While hands-free wearables are a benefit to managers and increase the efficiency of workers, they also provide data on each employee. That device provides data on employees’ locations in the warehouse, their movements or stationary position. Employee movements are tracked just like those packages they are tracking.

Kinetic Reflex is a wearable device that not only tracks heartbeats and stress levels, but also alerts the wearer if he or she bends over in such a way that could cause an injury. Given the nature of such different wearable technology, even the health of the wearer can be monitored to inform management how employees are coping with heavy loads.

Honeywell Intelligrated, for one, has created wearable headsets that inform employees and management of real time working conditions and results. Workers are told how well they are doing without having to wait for an end-of-shift report from a supervisor.

Wearable technology is not just for forward logistics. Due to the uncertainty in retail and global supply chains during 2020, reverse logistics is trying to embrace such wearables. Reverse logistics is a complex process, which has as its goal the tearing down or disassembling of a product.

Whereas a television set or coffeepot may have a chip inside for tracking its movement through a warehouse or in a retail store, the dozens to hundreds of individual subcomponents, even batteries, are not easily trackable by technology other than what employees see with their eyes and feel with their fingers. So reverse logistics is not yet up to using wearables such as smart glasses or smart clothing.

The Many Ways Wearables Are Being Used

What then are the many ways wearables are used? Adam Robinson, writing for the global transportation firm Globaltranz blog Cerasis, says the list is long and growing:

  • Order picking
  • Routing
  • Tracking
  • Expediting
  • Exception handling
  • High-value asset handling and monitoring
  • Receiving
  • Cycle counting
  • Sales data collecting
  • Orders
  • Sales forecasting
  • Field service installation
  • Repair maintenance
  • Monitoring
  • Recalls
  • Inventory management
  • Near-real time replenishment
  • Compliance

All this technology seems to revolve around the speed at which workers can do their job and move products through a warehouse. One result of this data-driven speed is that the improved accuracy has resulted in fewer human errors.

The COVID-19 Pandemic Has Increased Consumer Shopping Online and the Market for Wearable Technology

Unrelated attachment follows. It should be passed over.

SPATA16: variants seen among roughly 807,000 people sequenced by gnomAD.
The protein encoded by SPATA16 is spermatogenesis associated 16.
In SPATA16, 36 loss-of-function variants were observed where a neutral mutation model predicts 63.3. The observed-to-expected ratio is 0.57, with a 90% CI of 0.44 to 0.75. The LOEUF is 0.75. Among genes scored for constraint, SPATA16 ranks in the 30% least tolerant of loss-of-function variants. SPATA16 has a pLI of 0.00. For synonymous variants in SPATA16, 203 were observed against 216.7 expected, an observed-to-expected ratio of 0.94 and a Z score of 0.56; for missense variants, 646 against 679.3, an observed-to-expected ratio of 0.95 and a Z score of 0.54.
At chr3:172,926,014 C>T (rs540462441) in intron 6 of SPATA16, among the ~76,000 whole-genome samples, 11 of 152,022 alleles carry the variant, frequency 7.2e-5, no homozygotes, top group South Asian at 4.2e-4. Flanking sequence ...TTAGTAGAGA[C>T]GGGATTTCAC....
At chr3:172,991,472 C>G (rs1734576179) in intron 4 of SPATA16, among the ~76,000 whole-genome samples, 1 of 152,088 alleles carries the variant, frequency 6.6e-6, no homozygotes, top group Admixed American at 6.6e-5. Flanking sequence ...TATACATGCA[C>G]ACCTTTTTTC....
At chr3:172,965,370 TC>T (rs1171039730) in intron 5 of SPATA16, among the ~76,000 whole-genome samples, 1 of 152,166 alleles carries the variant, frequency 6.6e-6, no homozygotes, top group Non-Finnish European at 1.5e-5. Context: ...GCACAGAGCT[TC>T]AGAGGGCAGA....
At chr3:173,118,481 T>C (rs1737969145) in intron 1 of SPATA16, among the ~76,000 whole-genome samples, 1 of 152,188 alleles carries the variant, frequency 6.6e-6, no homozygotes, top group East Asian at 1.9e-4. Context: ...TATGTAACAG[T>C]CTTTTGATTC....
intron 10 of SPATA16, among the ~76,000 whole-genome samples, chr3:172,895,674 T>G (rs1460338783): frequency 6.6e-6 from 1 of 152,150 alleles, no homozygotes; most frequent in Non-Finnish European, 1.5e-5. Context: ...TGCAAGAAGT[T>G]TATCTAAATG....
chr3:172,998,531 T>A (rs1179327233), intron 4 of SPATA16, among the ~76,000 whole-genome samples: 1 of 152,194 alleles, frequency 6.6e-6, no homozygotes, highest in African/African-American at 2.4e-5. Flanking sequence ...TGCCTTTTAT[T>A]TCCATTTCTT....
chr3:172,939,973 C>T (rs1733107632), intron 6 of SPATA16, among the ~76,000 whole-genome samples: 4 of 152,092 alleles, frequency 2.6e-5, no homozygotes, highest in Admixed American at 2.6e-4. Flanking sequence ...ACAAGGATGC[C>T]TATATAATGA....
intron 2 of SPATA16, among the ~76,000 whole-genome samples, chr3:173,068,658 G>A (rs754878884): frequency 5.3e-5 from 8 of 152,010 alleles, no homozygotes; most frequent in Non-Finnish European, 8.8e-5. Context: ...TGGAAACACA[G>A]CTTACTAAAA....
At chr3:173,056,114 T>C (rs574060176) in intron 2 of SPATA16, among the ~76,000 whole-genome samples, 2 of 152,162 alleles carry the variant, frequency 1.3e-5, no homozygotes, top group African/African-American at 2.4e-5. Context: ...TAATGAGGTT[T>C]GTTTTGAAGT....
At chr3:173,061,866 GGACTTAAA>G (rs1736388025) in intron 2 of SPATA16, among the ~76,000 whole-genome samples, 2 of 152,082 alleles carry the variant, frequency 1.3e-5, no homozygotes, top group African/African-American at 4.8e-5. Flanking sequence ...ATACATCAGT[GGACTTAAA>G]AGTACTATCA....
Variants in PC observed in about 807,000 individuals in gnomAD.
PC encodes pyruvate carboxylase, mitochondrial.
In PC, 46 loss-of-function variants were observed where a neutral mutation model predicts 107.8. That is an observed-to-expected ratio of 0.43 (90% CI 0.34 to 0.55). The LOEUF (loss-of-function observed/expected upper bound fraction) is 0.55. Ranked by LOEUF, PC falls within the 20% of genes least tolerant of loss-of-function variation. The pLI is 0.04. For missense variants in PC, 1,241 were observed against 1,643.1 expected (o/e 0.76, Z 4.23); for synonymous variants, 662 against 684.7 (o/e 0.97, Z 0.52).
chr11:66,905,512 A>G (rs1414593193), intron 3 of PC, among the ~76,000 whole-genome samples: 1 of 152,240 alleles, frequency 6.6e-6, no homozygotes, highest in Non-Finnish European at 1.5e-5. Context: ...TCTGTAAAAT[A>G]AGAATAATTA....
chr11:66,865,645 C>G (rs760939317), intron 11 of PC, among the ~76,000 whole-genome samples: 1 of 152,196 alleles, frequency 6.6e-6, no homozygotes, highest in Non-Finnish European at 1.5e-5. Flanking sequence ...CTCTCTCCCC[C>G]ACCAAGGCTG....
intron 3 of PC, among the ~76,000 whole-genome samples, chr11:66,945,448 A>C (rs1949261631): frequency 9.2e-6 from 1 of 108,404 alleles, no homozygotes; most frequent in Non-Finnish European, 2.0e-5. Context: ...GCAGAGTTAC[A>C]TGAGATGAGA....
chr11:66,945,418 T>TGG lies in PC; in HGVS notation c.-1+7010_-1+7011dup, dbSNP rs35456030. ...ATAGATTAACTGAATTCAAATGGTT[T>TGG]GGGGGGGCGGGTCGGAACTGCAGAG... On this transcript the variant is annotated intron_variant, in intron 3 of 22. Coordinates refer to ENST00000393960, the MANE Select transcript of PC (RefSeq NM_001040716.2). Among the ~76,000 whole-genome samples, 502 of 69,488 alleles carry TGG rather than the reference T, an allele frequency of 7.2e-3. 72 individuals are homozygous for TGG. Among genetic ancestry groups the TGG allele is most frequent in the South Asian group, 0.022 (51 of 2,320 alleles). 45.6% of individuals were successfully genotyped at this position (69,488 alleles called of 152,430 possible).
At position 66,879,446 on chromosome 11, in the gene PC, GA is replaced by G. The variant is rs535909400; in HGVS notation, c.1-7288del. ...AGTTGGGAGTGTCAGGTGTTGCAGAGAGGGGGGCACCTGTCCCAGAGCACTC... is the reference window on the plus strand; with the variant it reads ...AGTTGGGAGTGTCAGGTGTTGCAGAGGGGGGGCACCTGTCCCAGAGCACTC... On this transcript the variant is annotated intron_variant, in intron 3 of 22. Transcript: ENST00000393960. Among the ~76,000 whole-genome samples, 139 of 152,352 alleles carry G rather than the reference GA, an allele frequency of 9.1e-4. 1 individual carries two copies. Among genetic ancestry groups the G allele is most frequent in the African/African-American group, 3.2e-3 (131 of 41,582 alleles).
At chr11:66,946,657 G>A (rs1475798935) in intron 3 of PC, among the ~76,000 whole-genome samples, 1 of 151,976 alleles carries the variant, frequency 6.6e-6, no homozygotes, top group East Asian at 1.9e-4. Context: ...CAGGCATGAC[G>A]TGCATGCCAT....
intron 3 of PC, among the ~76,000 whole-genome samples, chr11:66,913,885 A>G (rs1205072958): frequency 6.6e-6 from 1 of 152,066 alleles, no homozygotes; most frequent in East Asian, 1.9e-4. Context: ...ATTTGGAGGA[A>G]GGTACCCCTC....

The pandemic of 2020 is a significant factor in increased consumer shopping online. Economic reports indicate that all retail business has been affected, some positively, some negatively. These reports indicate that retail sales have decreased around 6% overall, but online purchases have increased about 77%. But don’t be fooled. Overall sales revenue for that same period is down 55%.

Supermarket News reports that nearly 80% of consumers shopped online for groceries since the COVID-19 outbreak in the U.S. in March. These pandemic-related factors are driving the retail industry to use technology such as robots and AI, but especially wearables to help increase the accurate selection and movement of consumer orders as they flow through the supply chain to the end consumer.

Wearable Technology Is in All Aspects of Our Lives

Besides moving products and people in a warehouse, wearables are being used for healthcare digital data. Such wearables can track pain measurement metrics and provide constant updates to doctors and nurses and other healthcare professionals.

Wearables can also improve your daily life. A wearable can remind you to get off the couch and go walking or jogging, ride that bike, or even to take a breath. Such devices can motivate and improve our outlook on life.

About the Author            

Dr. Oliver Hedgepeth is a full-time professor at American Public University (APU). He was program director of three academic programs: Reverse Logistics Management, Transportation and Logistics Management and Government Contracting. He was Chair of the Logistics Department at the University of Alaska Anchorage. Dr. Hedgepeth was the founding Director of the Army’s Artificial Intelligence Center for Logistics from 1985 to 1990, Fort Lee, Virginia.